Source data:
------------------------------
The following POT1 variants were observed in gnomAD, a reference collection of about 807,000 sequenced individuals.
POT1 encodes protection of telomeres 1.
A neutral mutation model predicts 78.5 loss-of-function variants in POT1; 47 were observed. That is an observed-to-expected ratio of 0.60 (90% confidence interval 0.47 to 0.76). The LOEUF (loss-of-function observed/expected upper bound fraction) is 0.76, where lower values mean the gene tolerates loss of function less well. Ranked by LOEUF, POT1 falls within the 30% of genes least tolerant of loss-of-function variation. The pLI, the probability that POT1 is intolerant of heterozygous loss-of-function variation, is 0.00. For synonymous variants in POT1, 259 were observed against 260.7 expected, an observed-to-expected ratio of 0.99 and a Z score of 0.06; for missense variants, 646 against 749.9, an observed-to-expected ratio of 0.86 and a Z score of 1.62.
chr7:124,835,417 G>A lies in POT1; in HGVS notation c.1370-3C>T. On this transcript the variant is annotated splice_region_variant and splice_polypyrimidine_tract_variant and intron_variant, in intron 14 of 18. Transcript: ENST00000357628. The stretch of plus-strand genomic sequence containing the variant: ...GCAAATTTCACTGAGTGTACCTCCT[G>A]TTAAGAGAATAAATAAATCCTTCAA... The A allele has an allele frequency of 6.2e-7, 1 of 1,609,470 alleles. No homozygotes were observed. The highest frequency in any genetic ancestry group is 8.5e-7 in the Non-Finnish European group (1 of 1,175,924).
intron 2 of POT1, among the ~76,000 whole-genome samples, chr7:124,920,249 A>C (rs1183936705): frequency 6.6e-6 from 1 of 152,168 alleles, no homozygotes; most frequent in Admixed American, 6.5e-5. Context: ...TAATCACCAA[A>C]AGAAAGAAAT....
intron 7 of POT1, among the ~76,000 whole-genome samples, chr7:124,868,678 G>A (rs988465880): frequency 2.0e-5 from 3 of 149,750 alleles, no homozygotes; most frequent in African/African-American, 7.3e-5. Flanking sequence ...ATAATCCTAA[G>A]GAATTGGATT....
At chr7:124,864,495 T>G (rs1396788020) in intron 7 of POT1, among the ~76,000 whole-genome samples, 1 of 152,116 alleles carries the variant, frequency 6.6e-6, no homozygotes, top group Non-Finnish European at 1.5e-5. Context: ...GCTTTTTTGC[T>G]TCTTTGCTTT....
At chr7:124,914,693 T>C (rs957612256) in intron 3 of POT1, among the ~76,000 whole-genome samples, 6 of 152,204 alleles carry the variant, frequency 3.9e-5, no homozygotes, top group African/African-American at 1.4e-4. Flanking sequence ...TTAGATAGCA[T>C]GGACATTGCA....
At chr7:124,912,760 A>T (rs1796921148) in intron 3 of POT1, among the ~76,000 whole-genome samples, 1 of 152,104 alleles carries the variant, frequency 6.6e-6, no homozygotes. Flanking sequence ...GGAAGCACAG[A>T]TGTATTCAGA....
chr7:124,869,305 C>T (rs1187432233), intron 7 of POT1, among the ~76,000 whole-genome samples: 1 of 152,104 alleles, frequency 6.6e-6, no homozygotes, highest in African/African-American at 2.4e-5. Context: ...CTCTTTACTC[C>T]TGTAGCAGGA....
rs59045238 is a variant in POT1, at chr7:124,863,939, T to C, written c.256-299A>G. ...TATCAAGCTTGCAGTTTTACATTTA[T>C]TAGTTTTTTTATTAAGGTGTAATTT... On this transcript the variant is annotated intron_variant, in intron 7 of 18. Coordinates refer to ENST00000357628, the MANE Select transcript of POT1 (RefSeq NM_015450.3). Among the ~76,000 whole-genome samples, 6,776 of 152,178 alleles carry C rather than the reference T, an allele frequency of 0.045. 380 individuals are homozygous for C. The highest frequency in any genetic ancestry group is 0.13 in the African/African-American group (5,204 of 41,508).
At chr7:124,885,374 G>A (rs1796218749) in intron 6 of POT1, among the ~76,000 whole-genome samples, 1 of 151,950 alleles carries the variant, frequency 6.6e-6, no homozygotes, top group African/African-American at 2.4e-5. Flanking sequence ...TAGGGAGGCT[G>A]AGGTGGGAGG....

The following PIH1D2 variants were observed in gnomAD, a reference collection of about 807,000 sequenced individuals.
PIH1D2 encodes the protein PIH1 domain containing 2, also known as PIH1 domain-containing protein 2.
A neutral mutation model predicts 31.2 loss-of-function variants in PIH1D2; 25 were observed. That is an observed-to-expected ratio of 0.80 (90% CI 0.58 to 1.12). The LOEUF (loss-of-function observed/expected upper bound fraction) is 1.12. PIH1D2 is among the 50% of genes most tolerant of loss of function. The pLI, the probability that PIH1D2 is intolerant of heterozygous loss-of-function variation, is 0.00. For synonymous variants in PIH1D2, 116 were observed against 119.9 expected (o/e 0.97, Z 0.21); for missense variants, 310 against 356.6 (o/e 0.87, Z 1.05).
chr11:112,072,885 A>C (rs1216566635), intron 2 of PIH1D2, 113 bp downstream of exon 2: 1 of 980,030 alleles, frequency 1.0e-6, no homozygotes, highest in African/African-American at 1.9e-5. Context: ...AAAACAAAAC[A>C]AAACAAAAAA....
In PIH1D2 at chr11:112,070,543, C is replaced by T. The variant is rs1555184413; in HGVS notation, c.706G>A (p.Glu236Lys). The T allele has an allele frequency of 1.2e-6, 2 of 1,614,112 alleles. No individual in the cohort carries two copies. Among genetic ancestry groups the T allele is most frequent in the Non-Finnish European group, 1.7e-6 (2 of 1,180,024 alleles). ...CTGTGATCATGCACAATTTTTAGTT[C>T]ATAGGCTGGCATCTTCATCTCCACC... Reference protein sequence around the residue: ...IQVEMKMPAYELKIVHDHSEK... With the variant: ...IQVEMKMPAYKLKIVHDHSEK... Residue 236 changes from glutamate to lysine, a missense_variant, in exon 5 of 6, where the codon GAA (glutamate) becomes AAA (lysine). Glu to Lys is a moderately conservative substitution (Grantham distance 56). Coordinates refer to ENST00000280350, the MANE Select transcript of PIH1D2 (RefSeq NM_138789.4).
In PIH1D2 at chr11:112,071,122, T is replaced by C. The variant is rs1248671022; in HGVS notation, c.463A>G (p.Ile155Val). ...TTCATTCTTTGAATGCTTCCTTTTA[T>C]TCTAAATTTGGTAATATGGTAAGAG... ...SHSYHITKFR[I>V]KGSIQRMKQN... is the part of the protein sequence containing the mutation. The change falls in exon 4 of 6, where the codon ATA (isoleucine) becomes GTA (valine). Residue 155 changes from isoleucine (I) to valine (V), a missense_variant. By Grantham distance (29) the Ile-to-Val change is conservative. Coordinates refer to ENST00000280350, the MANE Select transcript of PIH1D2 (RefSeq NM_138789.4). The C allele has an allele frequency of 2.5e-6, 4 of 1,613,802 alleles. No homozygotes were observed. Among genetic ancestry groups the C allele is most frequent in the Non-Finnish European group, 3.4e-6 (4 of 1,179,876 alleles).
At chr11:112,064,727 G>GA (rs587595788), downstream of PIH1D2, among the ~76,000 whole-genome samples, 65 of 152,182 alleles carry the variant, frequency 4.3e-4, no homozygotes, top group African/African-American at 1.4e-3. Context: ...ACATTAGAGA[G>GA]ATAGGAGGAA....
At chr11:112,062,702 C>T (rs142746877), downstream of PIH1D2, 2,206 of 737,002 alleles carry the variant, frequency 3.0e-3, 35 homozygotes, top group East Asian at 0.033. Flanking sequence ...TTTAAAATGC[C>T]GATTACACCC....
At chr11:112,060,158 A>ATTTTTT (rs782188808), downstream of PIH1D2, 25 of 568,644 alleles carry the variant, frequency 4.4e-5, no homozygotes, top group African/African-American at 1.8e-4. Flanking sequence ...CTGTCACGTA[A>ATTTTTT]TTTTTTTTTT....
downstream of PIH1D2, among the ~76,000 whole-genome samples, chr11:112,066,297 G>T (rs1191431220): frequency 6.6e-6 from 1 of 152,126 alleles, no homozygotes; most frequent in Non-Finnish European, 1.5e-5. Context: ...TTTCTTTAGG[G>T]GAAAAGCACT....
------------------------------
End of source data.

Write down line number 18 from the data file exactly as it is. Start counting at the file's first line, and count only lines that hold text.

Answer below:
In PIH1D2 at chr11:112,071,122, T is replaced by C. The variant is rs1248671022; in HGVS notation, c.463A>G (p.Ile155Val). ...TTCATTCTTTGAATGCTTCCTTTTA[T>C]TCTAAATTTGGTAATATGGTAAGAG... ...SHSYHITKFR[I>V]KGSIQRMKQN... is the part of the protein sequence containing the mutation. The change falls in exon 4 of 6, where the codon ATA (isoleucine) becomes GTA (valine). Residue 155 changes from isoleucine (I) to valine (V), a missense_variant. By Grantham distance (29) the Ile-to-Val change is conservative. Coordinates refer to ENST00000280350, the MANE Select transcript of PIH1D2 (RefSeq NM_138789.4). The C allele has an allele frequency of 2.5e-6, 4 of 1,613,802 alleles. No homozygotes were observed. Among genetic ancestry groups the C allele is most frequent in the Non-Finnish European group, 3.4e-6 (4 of 1,179,876 alleles).